I am not a fan of Korean dramas. I love some Korean movies, but the TV stuff from South Korea was something I avoided like the plague. Until Netflix recommended the trailer for Crash Landing on You after I was done watching Emily in Paris.
After watching the trailer, it was game over; I was hooked. The show’s premise was interesting, and after the first episode, it was hard not to fall in love with the amazing cast. But what I found fascinating was the way the divide between North and South was handled in the show.
Let’s be honest here; North Korea is the villain of the world. The constant posturing, threats of nuclear war, and self-seclusion from the world don’t lend itself to portraying you as the good guys. And that image of villains has been played numerous times in movies and TV shows.
We have all seen movies and TV shows where North Korean and their armies were the main antagonists. According to the things we have seen and heard until now, the North Korean military is bad, but are all of them evil? That is the thing Crash Landing on You did better, just giving a different perspective of the “normal” life in the North.
A Different Point of View – Crash Landing on You Gave a Glimpse into Everyday Life in North Korea
Crash Landing on You is currently on Netflix and you need to watch the show.
Yes, the show is about romance and how Yoon Se-ri falls into North Korea and tries to get out with the help of Ri Jeong-hyeok. But that journey is not limited to one or two episodes. In the first ten episodes, we all see North Korea through the eyes of Yoon Se-ri, she was our capitalist lens into a world unseen, stigmatized, and secluded.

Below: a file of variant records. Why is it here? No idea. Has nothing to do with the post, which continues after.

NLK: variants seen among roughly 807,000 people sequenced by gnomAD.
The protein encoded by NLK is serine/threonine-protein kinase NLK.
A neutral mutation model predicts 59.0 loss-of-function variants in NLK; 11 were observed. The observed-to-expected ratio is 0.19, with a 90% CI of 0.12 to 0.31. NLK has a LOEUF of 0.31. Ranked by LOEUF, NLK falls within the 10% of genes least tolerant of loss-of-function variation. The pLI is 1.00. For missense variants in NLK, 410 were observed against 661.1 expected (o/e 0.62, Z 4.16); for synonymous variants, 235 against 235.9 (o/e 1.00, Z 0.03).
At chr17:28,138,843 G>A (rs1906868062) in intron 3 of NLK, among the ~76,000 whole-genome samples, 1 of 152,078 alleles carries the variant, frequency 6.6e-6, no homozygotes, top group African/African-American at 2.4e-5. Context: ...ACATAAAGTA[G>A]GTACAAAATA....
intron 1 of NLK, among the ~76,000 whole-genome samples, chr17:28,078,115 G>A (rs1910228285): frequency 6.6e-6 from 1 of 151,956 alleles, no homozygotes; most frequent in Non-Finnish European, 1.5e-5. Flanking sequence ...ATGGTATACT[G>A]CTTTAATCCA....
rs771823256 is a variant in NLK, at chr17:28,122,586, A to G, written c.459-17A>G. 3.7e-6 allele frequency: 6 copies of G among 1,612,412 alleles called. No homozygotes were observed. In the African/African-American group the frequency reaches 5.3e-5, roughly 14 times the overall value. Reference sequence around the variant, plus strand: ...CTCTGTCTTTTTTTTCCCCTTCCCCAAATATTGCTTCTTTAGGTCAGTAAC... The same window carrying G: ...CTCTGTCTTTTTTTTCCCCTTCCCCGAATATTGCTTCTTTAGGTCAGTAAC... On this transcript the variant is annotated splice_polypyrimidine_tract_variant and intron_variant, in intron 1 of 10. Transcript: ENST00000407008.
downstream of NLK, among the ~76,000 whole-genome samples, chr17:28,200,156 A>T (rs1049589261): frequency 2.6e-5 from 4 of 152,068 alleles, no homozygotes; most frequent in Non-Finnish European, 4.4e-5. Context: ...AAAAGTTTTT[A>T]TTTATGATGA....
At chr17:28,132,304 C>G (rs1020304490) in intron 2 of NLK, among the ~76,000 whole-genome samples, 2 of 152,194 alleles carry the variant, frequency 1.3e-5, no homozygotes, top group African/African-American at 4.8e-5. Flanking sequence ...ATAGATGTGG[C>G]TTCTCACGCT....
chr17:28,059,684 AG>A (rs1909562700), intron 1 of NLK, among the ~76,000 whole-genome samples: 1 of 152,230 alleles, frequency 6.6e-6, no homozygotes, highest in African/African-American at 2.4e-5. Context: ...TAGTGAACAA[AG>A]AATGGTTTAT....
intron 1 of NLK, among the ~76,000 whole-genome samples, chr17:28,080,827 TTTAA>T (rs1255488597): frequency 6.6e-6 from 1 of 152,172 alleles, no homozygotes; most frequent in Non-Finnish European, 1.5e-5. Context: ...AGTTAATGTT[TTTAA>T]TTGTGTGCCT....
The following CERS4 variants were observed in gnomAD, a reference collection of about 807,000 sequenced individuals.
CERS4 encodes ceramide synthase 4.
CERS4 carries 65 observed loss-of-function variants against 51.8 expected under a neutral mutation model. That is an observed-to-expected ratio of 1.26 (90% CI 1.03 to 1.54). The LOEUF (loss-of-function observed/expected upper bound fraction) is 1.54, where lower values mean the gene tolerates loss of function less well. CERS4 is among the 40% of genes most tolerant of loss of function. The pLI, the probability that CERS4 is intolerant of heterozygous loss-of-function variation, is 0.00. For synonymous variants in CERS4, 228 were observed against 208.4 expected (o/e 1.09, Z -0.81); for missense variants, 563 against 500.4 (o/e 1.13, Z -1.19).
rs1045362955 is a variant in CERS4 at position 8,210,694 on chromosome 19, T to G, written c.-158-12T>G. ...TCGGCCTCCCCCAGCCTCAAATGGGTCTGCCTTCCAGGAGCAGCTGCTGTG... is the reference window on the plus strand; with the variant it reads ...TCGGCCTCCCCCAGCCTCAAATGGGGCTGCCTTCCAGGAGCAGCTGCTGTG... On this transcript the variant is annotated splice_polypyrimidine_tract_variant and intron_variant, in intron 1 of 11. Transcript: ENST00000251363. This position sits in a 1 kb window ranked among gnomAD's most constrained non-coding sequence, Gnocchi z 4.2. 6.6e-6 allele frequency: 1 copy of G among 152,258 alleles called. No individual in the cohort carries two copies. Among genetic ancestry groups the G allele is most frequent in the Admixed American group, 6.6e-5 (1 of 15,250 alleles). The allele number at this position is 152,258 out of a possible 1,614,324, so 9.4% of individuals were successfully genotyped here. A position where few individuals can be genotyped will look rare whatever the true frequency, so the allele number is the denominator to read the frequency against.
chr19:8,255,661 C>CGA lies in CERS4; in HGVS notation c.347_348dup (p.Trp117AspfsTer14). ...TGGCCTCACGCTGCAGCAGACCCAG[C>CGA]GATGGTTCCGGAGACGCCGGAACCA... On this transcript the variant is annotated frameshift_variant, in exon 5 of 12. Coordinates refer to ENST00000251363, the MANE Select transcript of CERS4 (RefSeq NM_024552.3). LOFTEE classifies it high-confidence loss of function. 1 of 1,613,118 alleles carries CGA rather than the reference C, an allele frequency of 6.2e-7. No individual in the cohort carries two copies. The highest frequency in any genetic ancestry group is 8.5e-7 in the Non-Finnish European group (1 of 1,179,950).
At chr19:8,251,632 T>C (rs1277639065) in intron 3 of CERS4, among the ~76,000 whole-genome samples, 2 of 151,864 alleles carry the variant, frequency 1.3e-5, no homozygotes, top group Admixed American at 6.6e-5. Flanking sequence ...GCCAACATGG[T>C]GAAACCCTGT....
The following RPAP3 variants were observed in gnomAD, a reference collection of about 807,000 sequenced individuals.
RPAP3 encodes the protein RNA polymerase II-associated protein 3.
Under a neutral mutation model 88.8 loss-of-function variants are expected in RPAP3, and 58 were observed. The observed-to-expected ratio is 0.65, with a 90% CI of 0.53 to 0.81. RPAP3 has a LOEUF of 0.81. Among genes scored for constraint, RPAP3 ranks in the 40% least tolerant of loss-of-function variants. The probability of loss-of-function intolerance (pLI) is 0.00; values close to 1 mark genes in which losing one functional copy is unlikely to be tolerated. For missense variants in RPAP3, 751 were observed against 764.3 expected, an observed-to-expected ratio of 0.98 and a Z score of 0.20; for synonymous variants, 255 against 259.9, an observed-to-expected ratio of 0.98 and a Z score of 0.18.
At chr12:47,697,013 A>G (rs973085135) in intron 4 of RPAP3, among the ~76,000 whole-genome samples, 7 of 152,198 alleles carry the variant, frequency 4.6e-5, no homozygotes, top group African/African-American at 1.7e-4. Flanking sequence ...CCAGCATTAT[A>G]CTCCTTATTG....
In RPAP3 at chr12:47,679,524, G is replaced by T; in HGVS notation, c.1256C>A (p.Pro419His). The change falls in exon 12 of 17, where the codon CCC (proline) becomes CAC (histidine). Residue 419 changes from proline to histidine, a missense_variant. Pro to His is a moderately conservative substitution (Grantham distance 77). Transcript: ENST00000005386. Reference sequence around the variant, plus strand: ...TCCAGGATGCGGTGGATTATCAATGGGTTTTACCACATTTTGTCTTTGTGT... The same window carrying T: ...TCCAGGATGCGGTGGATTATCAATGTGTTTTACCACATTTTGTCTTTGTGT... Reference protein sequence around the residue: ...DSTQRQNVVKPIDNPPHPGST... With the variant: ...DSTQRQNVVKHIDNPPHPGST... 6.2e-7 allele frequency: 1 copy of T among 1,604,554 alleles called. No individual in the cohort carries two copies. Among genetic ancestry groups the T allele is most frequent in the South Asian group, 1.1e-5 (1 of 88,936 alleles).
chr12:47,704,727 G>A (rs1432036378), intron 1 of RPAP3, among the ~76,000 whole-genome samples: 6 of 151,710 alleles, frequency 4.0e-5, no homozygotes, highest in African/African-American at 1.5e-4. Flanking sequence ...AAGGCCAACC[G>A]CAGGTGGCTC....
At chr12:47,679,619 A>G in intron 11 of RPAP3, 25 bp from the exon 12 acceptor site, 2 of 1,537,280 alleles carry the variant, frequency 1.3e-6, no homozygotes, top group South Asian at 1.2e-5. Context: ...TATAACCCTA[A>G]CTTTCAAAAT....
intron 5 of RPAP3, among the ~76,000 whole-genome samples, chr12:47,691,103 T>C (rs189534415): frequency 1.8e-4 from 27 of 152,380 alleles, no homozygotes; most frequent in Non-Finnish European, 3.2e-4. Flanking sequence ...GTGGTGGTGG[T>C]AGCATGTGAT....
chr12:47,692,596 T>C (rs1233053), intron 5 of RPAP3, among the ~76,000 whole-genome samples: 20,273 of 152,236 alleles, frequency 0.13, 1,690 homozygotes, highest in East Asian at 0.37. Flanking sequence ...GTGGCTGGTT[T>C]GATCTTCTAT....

As Yoon Se-ri was amazed to see all the women and children in a military village come out and exercise before the sun was even out, I was surprised too. That was a shocking thing to see, and everything that shocked Se-ri was shocking to me.
We all had an idea of North Korea, but Se-ri‘s look into the world of a small village was eye-opening. Then reading later how the show is about 60% accurate in its portrayal of the rural and city life in North Korea was even more mind-blowing.
The kimchi cave, the exercise, house checks, I even learned more about the political structure of North Korea because of the show. There are some unbelievable and dramatized things about the show, but there was still a lot of realism to the show, which I loved.
Though the show came under fire in some sectors for its alleged romanticism of the North Korean military and rural life, I was impressed by how much I learned from the show. It was still a romance/drama show, and I understand the need to play some things lightly, which is why I feel the criticism is a little unfair.
From the military to the people living in Pyongyang, and their well off lives, the show opened North Korea up in a different way. Something I was not expecting and, in the end, thoroughly.
The drastic change in the life of Yoon Se-ri, her inability to adjust back into her life, and finding all her luxury a lot more than she needed was something I loved as a somewhat commentary into capitalism.
There are many things to love about Crash Landing on You, from the obvious romance to the location shots. I was in awe most of the time at the brilliance of how the show was filmed (fake snow was a little much though). It was a well-scripted, brilliantly shot, 16-episode show which, by the end, changed my opinion somewhat regarding Korean drama as a whole.
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